North Korea sentences US citizen to 10 years in prison for espionage
North Korea on Friday sentenced a US citizen of Korean heritage to 10 years in prison after convicting him of espionage and subversion
Pyongyang: North Korea on Friday sentenced a US citizen of Korean heritage to 10 years in prison after convicting him of espionage and subversion, the second American it has put behind bars this year.
Kim Dong Chul had been detained in the North on suspicion of engaging in spying and stealing state secrets. He was sentenced to 10 years in prison with hard labor after a brief trial in Pyongyang. North Korea's Supreme Court found Kim guilty of crimes and espionage and subversion of under Articles 60 and 64 of the North's criminal code.
Further details were not immediately available.
Kim's sentencing comes on the heels of a 15-year sentence handed down on Otto Warmbier, an American university student who the North says was engaged in anti-state activities while visiting the country as a tourist earlier this year.
North Korea regularly accuses Washington and Seoul of sending spies to overthrow its government to enable the US-backed South Korean government to control the entire Korean Peninsula. Some foreigners previously arrested have read statements of guilt they later said were coerced.
Most of those who are sentenced to long prison terms are released before serving their full time.
In the past, North Korea has held out until senior US officials or statesmen came to personally bail out detainees, all the way up to former President Bill Clinton, whose visit in 2009 secured the freedom of American journalists Euna Lee and Laura Ling. Both had crossed North Korea's border from China illegally.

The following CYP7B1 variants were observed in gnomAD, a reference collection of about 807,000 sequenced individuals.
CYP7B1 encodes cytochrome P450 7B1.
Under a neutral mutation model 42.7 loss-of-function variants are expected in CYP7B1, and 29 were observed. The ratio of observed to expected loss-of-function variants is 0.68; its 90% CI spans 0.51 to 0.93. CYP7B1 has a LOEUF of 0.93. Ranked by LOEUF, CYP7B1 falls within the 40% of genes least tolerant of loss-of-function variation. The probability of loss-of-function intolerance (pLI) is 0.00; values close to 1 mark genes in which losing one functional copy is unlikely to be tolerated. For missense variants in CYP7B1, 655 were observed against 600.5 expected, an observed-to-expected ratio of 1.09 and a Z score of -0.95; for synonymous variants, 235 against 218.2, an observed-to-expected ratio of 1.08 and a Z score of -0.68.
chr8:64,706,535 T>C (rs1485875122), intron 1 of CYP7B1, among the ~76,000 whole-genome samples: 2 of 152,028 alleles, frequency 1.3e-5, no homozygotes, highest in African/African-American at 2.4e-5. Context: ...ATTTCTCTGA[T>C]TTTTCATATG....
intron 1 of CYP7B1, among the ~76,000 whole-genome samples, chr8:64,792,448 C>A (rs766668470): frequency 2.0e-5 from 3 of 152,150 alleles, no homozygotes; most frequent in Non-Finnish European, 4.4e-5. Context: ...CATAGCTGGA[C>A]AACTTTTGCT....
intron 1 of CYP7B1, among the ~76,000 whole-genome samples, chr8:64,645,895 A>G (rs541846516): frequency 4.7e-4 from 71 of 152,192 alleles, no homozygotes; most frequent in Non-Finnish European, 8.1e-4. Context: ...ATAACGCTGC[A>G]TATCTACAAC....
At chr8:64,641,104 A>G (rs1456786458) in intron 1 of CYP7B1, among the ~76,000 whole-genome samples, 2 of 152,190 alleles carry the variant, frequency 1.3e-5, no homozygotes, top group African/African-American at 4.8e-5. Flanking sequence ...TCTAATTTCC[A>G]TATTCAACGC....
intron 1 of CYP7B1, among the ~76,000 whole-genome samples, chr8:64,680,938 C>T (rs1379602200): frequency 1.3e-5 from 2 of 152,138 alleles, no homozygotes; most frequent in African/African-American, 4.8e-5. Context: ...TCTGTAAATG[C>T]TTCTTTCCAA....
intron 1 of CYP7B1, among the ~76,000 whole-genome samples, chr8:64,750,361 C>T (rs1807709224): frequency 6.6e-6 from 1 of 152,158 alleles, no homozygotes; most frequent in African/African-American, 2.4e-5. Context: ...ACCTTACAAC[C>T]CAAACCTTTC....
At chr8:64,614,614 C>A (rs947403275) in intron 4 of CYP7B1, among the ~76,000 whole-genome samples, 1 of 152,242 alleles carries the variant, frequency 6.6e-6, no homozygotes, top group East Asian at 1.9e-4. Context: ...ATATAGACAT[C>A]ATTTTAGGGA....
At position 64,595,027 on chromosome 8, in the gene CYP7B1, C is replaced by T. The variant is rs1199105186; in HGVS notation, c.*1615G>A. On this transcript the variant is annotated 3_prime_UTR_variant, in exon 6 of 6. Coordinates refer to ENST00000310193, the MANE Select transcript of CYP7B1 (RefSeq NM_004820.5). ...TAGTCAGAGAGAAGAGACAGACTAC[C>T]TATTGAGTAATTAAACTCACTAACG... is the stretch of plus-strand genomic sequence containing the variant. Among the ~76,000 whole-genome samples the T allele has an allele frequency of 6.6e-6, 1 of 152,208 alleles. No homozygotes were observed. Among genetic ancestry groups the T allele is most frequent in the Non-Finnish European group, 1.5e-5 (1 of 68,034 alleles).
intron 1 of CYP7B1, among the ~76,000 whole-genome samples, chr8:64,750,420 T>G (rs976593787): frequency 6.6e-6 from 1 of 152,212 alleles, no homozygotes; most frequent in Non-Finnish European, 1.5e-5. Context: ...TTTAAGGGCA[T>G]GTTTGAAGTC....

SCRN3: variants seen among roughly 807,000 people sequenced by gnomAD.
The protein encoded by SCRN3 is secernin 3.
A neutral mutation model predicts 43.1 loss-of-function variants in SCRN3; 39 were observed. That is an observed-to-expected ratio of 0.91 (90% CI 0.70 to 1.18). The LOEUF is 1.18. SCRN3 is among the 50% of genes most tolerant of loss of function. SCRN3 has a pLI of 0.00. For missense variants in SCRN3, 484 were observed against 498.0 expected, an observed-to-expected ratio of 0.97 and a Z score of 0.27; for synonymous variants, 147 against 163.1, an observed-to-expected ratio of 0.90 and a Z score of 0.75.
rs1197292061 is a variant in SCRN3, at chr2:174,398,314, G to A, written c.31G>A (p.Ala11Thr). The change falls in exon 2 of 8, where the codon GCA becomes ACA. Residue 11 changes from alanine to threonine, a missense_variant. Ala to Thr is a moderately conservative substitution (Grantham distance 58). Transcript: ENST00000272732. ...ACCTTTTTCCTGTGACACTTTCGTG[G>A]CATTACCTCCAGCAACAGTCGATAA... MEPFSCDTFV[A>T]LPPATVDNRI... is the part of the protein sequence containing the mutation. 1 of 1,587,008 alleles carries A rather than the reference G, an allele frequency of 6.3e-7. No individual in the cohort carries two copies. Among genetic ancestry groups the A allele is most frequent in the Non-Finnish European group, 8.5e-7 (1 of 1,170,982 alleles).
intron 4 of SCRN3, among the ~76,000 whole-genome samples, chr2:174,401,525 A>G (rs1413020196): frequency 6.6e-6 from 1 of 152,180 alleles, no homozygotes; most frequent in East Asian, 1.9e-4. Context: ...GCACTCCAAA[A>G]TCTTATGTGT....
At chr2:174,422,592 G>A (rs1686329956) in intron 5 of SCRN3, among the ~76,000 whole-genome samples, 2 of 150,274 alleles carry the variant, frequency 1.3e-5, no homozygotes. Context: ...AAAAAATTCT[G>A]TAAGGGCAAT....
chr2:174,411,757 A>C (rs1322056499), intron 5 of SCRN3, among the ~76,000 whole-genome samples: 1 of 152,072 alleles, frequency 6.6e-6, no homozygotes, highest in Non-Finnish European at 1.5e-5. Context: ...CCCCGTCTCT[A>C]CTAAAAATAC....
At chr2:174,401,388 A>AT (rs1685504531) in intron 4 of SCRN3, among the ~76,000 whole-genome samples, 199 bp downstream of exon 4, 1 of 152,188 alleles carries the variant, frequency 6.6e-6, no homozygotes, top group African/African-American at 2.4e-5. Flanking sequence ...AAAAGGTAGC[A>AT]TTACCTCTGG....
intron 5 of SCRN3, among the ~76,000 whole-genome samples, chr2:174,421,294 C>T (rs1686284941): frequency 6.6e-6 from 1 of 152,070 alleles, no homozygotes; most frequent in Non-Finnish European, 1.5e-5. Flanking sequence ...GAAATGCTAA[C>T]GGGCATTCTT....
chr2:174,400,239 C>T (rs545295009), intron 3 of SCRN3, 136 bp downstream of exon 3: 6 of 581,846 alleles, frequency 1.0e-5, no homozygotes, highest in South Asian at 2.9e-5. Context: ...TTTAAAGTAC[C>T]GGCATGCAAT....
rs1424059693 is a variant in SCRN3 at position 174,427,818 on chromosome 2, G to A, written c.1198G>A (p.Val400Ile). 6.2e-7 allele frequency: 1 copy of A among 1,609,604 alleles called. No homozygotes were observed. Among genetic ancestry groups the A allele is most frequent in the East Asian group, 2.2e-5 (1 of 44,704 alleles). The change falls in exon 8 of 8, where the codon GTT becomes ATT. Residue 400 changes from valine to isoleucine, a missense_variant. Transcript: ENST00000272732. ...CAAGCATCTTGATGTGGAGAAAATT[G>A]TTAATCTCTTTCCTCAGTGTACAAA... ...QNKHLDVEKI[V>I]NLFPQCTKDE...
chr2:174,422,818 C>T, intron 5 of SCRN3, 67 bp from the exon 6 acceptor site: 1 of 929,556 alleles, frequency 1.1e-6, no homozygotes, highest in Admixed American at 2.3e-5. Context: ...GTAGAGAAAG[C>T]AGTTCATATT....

It took a visit in November 2014 by US spy chief James Clapper to bring home Mathew Miller, also arrested after entering the country as a tourist, and Korean-American missionary Kenneth Bae, who had been incarcerated since November 2012.
Jeffrey Fowle, a US tourist detained for six months at about the same time as Miller, was released just before that and sent home on a US government plane. Fowle left a Bible in a local club hoping a North Korean would find it, which is considered a criminal offense in North Korea.
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Kim may also be going back to a tried-and-true technique of pressuring the world with missile launches and outrageous threats before offering negotiations at the last minute meant to extract aid, experts said
The North is under international sanctions for its nuclear weapons and ballistic missile programmes, which it says it needs to defend against a US invasion